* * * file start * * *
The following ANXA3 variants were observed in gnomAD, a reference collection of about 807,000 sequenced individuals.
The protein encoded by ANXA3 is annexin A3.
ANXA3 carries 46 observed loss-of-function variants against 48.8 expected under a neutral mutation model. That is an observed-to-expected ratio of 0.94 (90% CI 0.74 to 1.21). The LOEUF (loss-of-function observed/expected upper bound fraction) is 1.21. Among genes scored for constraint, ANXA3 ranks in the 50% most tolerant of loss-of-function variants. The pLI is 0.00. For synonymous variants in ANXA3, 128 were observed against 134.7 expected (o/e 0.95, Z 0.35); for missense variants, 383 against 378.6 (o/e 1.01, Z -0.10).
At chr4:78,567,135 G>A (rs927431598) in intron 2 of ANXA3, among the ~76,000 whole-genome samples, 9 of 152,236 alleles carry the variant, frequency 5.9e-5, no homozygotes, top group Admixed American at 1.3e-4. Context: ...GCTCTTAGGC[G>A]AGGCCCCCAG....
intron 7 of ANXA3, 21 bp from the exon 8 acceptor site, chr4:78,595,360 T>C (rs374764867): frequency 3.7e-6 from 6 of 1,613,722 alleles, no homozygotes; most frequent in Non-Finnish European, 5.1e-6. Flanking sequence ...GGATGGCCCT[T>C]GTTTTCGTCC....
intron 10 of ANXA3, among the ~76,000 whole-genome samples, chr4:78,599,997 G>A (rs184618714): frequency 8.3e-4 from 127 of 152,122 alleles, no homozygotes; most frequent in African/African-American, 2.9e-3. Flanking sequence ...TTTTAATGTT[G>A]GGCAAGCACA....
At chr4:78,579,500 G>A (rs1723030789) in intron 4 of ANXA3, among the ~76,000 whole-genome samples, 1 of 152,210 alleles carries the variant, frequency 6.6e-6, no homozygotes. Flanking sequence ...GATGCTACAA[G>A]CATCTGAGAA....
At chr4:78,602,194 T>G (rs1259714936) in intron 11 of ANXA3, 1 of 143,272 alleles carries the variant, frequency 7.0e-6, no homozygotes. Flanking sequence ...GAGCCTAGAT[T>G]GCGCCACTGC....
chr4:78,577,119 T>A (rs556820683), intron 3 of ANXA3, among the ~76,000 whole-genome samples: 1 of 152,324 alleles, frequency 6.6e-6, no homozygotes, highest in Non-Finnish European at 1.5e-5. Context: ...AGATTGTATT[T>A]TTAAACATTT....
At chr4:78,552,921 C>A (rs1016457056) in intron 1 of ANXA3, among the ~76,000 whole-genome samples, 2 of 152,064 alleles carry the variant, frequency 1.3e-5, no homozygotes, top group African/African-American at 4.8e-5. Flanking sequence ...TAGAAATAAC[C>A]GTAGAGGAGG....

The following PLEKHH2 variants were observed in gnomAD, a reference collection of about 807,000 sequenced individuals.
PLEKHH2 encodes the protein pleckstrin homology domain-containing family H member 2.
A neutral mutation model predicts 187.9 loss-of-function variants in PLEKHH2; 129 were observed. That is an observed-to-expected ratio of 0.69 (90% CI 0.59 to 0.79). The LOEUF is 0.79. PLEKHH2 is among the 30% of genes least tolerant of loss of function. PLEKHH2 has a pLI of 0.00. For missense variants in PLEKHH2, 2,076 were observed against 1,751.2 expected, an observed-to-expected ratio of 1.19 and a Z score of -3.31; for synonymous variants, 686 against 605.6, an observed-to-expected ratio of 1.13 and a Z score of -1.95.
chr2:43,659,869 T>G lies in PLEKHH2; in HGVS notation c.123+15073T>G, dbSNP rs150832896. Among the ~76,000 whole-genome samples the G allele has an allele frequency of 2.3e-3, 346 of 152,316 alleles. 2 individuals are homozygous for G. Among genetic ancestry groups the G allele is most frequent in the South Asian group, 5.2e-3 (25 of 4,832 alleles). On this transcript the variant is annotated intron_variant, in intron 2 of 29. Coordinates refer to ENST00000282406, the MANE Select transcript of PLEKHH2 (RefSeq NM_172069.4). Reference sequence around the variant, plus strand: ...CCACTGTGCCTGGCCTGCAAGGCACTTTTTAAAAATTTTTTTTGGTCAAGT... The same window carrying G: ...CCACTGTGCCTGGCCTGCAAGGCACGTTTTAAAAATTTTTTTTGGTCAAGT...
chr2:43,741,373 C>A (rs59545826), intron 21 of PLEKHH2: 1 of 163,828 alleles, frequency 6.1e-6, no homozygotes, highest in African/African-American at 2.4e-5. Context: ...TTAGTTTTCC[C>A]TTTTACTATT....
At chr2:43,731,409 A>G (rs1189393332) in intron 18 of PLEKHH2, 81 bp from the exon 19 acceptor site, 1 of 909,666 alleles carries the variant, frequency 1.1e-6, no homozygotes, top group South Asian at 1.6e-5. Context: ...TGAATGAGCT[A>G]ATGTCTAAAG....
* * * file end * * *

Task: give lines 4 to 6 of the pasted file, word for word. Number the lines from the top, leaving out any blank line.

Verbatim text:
At chr4:78,567,135 G>A (rs927431598) in intron 2 of ANXA3, among the ~76,000 whole-genome samples, 9 of 152,236 alleles carry the variant, frequency 5.9e-5, no homozygotes, top group Admixed American at 1.3e-4. Context: ...GCTCTTAGGC[G>A]AGGCCCCCAG....
intron 7 of ANXA3, 21 bp from the exon 8 acceptor site, chr4:78,595,360 T>C (rs374764867): frequency 3.7e-6 from 6 of 1,613,722 alleles, no homozygotes; most frequent in Non-Finnish European, 5.1e-6. Flanking sequence ...GGATGGCCCT[T>C]GTTTTCGTCC....
intron 10 of ANXA3, among the ~76,000 whole-genome samples, chr4:78,599,997 G>A (rs184618714): frequency 8.3e-4 from 127 of 152,122 alleles, no homozygotes; most frequent in African/African-American, 2.9e-3. Flanking sequence ...TTTTAATGTT[G>A]GGCAAGCACA....